Gemmill's goal kick started love affair

THE World Cup starts today in South Africa, with Brazil among the favourites to win it. SIMON YAFFE speaks to a British author who combines his love of the South American country with a fascination for mathematics

IT all started with perhaps the most famous goal in Scottish football history.

The little midfield maestro Archie Gemmill whizzed his way through the Holland defence and past goalkeeper Jan Jongbloed in the 1978 World Cup in Argentina.

"That was the first time I was aware of South America," Edinburgh-raised author Alex Bellos told the Jewish Telegraph.

Alex's fascination with the continent - and Brazil, in particular - led him to moving to Rio de Janeiro for five years.

He subsequently wrote the sublime Futebol: A Brazilian Way of Life in 2002 to critical worldwide acclaim.

"There was an emerging market for a book on the culture of football," he said. "David Winner had written Brilliant Orange, which incorporated the story of Dutch football with the country's traditions and history.

"Publishers Bloomsbury suggested to me that I write something like that, but I was not keen at first.

"I wasn't a sportswriter and I could not tell you who scored the winning goal in the 1973 FA Cup final.

"And, thankfully, Bloomsbury thought along the same line as me.

"Football affects so much in society, especially in a country like Brazil. I began to think it could work and agreed to do it."

Brazilian football legends Pelé, Tostão, Ronaldo, Rivelino, Zico, Carlos Alberto, Roberto Carlos, Romário and Socrates were all interviewed.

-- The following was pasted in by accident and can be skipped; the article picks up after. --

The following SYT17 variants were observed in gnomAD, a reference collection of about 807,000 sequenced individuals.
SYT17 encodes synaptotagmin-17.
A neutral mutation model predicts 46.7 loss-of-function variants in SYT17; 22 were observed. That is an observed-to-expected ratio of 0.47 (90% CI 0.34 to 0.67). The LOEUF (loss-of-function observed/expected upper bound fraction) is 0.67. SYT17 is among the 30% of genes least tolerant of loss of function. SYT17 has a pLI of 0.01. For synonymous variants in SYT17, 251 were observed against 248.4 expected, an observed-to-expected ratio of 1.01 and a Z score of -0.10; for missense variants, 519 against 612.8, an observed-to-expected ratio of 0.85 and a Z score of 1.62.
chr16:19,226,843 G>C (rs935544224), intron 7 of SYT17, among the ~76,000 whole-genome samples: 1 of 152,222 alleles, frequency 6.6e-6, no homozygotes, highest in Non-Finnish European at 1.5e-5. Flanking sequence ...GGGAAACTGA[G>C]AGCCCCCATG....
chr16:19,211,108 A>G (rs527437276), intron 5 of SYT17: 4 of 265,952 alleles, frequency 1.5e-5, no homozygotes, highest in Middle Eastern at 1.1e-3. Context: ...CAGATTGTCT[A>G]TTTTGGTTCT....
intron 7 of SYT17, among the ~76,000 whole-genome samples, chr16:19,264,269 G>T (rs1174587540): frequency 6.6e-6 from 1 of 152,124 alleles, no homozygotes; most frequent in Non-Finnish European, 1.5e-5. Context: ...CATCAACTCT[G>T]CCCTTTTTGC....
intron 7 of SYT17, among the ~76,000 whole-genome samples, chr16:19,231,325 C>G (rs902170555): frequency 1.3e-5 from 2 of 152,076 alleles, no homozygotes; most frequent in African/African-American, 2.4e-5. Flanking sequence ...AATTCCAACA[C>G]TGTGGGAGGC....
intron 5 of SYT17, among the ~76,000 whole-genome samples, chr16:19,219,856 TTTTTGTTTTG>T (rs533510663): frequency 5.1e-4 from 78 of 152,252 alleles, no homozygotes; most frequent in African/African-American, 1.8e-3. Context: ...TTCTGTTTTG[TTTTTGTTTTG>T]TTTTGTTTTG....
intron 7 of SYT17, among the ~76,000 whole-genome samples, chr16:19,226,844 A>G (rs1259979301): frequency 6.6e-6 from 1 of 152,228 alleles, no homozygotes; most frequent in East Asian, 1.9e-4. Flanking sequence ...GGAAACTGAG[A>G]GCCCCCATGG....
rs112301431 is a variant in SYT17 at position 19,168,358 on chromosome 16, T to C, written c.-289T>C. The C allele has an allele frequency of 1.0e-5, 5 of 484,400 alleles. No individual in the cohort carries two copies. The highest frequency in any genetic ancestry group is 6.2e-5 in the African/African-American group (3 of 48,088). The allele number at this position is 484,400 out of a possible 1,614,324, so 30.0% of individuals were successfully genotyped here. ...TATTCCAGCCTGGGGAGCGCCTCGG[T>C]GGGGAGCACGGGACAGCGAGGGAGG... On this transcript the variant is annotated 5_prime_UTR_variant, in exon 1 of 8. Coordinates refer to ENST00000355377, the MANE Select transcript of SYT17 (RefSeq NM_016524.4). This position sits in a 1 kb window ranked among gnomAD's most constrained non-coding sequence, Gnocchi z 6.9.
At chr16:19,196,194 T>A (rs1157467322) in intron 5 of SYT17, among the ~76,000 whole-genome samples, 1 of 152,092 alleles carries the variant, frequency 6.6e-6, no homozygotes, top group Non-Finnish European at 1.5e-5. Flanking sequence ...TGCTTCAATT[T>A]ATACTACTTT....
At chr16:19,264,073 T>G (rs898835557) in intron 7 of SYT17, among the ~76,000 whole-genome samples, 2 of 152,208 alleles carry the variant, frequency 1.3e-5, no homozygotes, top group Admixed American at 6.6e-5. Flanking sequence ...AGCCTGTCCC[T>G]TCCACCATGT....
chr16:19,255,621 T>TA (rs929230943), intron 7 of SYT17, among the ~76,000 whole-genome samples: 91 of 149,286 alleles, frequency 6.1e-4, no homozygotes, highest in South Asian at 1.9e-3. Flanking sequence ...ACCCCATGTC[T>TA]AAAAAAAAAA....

But Alex, of London, also met the native Indians of the Amazon and even went to the Faroe Islands, where he met Brazilian footballers plying their trade on the freezing islands located between the Norwegian Sea and the North Atlantic Ocean.

"I was surprised at the praise I received - particularly as I had been worried about the territorialness of football journalists," he recalled.

Alex also met Alcides Ghiggia, the last surviving member of Uruguay's victorious 1950 World Cup-winning side who beat Brazil.

And he found it particularly easy to track down all the big names.

Alex, a self-confessed Brazilianista, said: "Everyone wanted to help me. I only had to phone up a journalist at O Globo (a Brazilian newspaper), ask him for Romário's number and he would give it me. It is not like that in Europe."

Born in Oxford, the son of a Hungarian-born French mother, Ilona, and a British father of Ukrainian descent, David, he believes his surname was changed from an unpronounceable Russian surname.

Sister Viv is a classical singer, choir trainer, voice teacher and director of music at the North Western Reform Synagogue in Golders Green.

Alex spent 10 years in Edinburgh before moving to Southampton with his family when he was 17.

He went on to read mathematics and philosophy at Oxford University.

Alex said: "I chose my football team, Heart of Midlothian, when I was six and living in Edinburgh, but I don't really follow them anymore.

"Scottish football is a bit rubbish to be honest, although I do have an emotional bond with Hearts.

"I loved watching Scotland though and they had a great set of players at the 1978 World Cup - people like Gemmill, Kenny Dalglish, Graeme Souness and Joe Jordan.

"I guess I was indoctrinated after their World Cup adventure."

However, he does not think Brazil will do too well in the 2010 World Cup.

"I just have a hunch about it," Alex said. "They are in a difficult group and, as they are going to host the next World Cup in 2014, I think they will be slightly distracted by that.